His approach was to defend the Church and its traditional teaching, as well as calling for an urgent development in the way it explained them. He got a somewhat belated recognition from Rome by being made a Cardinal in his late 70’s. He died in 1890. John Henry Newman, Pray for us.

posted by Sinead Reekie at 11:14 am

Monday, July 13, 2009

As you may know both our local Catholic secondary schools had OFSTED inspections last May. Both got very good reports. Below are some phrases from the reports. Full copies can be obtained from the schools’ themselves and from the internet.

For your information, especially for parents who might be making school applications over the coming year, the diocesan website has a very good facility for finding relevant schools at .Also the Westminster Diocesan directory has a very useful full list of Catholic primary and secondary schools and their contact details by borough. This is sold in our repository, each December and January. It may well be still availble in the Victoria and Kensington Catholoc book shops.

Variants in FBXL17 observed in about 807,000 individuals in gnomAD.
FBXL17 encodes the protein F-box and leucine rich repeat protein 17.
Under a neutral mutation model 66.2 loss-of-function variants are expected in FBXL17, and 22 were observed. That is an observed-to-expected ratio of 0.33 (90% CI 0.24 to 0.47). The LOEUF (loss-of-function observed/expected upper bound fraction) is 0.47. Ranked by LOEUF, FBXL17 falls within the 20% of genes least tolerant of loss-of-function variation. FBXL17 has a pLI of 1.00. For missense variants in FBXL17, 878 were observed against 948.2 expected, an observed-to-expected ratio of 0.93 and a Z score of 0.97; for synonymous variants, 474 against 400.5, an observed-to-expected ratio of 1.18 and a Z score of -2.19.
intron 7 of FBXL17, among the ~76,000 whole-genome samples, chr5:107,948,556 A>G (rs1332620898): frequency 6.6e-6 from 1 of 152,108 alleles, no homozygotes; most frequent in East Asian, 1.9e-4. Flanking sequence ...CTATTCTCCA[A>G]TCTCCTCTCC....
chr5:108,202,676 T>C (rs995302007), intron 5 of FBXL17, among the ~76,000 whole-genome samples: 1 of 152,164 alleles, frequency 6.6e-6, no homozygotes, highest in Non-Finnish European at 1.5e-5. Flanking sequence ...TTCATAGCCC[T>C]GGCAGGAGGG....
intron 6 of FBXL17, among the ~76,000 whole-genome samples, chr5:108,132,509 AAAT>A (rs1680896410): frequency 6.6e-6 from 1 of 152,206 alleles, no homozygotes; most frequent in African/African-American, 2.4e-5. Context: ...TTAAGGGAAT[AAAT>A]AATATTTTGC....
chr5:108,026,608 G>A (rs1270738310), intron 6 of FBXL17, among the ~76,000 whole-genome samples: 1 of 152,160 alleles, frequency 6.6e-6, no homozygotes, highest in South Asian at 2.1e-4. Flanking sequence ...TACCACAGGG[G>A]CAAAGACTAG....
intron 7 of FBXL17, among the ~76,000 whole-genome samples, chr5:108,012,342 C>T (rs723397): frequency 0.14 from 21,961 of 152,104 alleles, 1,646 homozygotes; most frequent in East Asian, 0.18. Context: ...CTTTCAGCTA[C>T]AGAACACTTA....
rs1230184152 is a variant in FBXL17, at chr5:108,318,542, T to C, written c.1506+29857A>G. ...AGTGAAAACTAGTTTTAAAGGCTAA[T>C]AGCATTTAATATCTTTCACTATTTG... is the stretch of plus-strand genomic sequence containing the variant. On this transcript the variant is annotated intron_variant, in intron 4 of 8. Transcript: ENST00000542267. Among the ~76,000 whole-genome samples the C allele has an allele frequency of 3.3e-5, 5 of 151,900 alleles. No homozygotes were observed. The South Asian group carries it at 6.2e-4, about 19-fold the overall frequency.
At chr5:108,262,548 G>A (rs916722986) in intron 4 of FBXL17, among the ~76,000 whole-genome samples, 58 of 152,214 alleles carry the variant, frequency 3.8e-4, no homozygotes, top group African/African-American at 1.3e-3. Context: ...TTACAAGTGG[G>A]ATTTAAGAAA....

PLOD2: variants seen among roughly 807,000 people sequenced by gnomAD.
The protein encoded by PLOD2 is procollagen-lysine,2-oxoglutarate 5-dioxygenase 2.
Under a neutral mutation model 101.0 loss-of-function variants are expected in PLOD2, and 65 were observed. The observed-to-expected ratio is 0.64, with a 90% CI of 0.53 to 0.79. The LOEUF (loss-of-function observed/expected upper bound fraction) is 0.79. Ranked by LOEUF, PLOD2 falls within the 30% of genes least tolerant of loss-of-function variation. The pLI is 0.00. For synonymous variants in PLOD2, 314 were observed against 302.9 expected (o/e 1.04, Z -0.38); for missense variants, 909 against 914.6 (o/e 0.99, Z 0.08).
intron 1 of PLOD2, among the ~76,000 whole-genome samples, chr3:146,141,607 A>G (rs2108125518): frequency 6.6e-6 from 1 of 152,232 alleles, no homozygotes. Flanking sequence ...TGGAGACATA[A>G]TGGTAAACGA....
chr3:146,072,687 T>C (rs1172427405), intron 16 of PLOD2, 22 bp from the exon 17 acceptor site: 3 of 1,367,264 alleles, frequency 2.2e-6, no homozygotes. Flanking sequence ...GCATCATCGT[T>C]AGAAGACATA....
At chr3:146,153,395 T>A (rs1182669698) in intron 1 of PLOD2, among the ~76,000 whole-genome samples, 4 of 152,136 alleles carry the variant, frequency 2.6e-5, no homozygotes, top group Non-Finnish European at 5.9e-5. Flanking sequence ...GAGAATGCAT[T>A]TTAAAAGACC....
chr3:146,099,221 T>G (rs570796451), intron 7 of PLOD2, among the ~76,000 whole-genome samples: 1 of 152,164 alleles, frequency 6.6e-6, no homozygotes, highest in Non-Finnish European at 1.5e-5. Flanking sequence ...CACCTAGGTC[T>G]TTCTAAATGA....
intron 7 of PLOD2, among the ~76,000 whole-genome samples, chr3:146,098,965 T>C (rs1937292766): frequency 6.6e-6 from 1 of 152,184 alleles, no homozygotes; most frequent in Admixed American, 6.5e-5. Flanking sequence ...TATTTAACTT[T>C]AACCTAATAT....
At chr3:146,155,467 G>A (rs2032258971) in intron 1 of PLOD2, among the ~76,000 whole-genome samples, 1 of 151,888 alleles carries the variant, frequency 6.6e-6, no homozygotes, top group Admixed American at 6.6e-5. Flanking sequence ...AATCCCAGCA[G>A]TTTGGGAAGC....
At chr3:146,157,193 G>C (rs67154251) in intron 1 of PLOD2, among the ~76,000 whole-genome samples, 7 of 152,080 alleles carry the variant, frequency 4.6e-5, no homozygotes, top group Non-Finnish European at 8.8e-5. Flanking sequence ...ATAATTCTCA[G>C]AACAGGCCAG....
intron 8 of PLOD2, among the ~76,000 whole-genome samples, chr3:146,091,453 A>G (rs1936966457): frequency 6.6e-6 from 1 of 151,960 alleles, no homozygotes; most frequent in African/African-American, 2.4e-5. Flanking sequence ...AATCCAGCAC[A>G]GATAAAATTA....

Cardinal Hinsley Mathematics and Computing College
· “the school’s outstanding strengths lie in the care, guidance and support it unstintingly provides, within a strong Christian ethos”.
· “Students enjoy school, feel safe and treat each other with cheerful goodwill and consideration, morale is high”.
· “The school’s care and guidance for students is exemplary”.
· “Students make good progress and there is an upward trend in levels of attainment in all key stages”.

The Convent of Jesus and Mary Language College
“The Convent of Jesus and Mary is an outstanding school where students reach exceptionally high academic standards and develop into confident and articulate young women. […] It is incredibly successful at raising aspirations and increasing students’ motivation to learn. The strong Catholic ethos instils a sense of purpose and self-belief which underpins their outstanding spiritual, moral social and cultural development. Students enjoy living, working and learning together in a well-ordered, purposeful community”

posted by Sinead Reekie at 10:59 am

Monday, July 06, 2009

Bankers and Members of parliament are not the flavour of the month at present. It is said that greed has got the better of some prominent members of these professions.